The BBC has apologized to Britain’s Chief Rabbi after he suggested Israel’s “Operation Pillar of Defense” had “to do with Iran” in an off-guarded moment on air.
“Let us never be deaf to the cry of a child,” Lord Sacks said at the end of 2-minute monologue.
Radio host Evan Davis, whose unscripted, informal style has won plaudits for BBC radio’s flagship news program, then asked Lord Sacks if he had “any thoughts” on the current clashes between Israel and Gaza.
The Orthodox Jewish leader paused and took a deep, audible breath before saying, “I think it has got to do with Iran, actually.”
Co-host Sarah Montague was clearly concerned that Lord Sacks did not seem to know his remarks were still being broadcast and was heard whispering, “We, we’re live.”
Lord Sacks quickly broke in more formal approach, calling for “a continued prayer for peace, not only in Gaza but for the whole region.”
“No-one gains from violence. Not the Palestinians, not the Israelis,” he said. “This is an issue here where we must all pray for peace and work for it.”
Social media exploded after Lord Sack’s comments, reports the UK Daily Mail, most from people wanting a further explanation on what he meant. Others accused Davis of “ambushing” the rabbi, according to the London Evening Standard.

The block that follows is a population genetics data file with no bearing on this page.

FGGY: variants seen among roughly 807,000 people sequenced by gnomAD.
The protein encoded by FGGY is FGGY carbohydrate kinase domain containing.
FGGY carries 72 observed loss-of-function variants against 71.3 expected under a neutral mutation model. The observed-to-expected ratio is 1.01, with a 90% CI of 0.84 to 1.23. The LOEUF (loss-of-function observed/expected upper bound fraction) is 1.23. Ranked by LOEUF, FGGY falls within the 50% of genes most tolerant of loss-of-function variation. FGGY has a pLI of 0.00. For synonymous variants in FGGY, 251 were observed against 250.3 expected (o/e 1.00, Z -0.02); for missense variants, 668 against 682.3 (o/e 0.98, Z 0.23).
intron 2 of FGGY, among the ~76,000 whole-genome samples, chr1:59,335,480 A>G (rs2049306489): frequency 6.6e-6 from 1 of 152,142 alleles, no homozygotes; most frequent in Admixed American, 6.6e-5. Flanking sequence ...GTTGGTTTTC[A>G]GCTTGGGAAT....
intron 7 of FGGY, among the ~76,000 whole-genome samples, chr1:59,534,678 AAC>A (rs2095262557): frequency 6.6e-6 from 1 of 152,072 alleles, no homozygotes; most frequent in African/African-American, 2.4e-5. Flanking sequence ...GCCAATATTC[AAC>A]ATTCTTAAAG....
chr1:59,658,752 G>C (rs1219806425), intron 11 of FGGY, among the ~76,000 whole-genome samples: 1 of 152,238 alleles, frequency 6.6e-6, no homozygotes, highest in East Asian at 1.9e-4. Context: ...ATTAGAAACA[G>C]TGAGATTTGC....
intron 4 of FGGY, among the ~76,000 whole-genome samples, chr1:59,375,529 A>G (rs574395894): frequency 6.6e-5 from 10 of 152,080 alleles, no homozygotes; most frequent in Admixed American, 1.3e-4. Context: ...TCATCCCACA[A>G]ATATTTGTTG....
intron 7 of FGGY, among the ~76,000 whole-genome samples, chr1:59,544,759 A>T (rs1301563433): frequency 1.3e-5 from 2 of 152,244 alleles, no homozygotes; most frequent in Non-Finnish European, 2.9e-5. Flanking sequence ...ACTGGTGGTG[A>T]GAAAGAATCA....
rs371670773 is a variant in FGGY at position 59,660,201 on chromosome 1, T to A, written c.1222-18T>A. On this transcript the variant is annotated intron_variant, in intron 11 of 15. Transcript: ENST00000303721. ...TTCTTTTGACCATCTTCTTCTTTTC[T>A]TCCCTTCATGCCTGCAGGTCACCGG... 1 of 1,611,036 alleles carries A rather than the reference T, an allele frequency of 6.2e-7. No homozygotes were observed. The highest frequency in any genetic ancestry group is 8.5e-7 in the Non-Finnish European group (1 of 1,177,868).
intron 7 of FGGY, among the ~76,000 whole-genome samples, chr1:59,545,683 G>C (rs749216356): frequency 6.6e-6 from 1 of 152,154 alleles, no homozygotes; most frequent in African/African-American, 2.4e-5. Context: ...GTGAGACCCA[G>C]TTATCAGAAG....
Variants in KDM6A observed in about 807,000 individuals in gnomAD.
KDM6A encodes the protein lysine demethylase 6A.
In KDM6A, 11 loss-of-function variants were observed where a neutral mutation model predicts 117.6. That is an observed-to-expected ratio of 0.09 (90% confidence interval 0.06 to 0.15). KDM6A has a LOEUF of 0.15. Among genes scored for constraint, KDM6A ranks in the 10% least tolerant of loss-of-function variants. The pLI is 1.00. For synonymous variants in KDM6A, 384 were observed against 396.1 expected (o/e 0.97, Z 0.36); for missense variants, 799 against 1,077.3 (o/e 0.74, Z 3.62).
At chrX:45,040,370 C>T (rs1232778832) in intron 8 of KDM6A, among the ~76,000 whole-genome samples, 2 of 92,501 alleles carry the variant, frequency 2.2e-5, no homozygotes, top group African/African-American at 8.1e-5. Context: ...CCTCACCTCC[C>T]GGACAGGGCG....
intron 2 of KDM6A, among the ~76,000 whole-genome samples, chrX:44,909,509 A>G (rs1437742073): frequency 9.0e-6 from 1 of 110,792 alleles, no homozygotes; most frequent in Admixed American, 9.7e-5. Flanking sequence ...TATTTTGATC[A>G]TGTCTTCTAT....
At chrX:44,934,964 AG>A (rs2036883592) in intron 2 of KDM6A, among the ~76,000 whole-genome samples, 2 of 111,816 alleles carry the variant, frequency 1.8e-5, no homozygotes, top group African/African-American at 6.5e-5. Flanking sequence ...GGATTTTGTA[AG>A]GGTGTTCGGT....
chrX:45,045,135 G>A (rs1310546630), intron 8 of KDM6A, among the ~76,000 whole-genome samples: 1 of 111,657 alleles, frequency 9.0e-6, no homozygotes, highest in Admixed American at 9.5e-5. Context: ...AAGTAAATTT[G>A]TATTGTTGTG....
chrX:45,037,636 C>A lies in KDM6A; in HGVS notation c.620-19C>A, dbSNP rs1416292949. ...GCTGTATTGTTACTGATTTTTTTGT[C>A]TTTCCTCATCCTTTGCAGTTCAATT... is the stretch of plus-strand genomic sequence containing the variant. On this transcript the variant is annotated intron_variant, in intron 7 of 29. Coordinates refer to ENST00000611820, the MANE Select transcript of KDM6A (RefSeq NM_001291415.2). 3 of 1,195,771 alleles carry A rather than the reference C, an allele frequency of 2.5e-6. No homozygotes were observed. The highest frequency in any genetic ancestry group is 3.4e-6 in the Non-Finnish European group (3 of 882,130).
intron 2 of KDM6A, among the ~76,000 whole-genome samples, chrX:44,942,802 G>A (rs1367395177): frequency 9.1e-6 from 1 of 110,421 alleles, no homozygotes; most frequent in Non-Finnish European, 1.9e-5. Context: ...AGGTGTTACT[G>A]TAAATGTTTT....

Just yesterday, Lord Sacks issued official support for Israel’s right to defend itself, reports the UK Telegraph.
“In the past week alone over 275 rockets have been fired into southern Israel from Gaza,” he said. “No nation on earth can be expected to live under this constant threat to innocent life.
“The people of Israel are entitled, as is any other nation, to live in peace and safety. We mourn with all the bereaved families, and pray for an end to the hostilities from which both sides suffer.”
The BBC later issued a formal apology to Lord Sacks for apparently catching him off guard.
“The Chief Rabbi hadn’t realised he was still on-air and as soon as this became apparent, we interjected,” the network said. “Evan likes to be spontaneous with guests but he accepts that in this case it was inappropriate and he has apologised to Lord Sacks. The BBC would reiterate that apology.”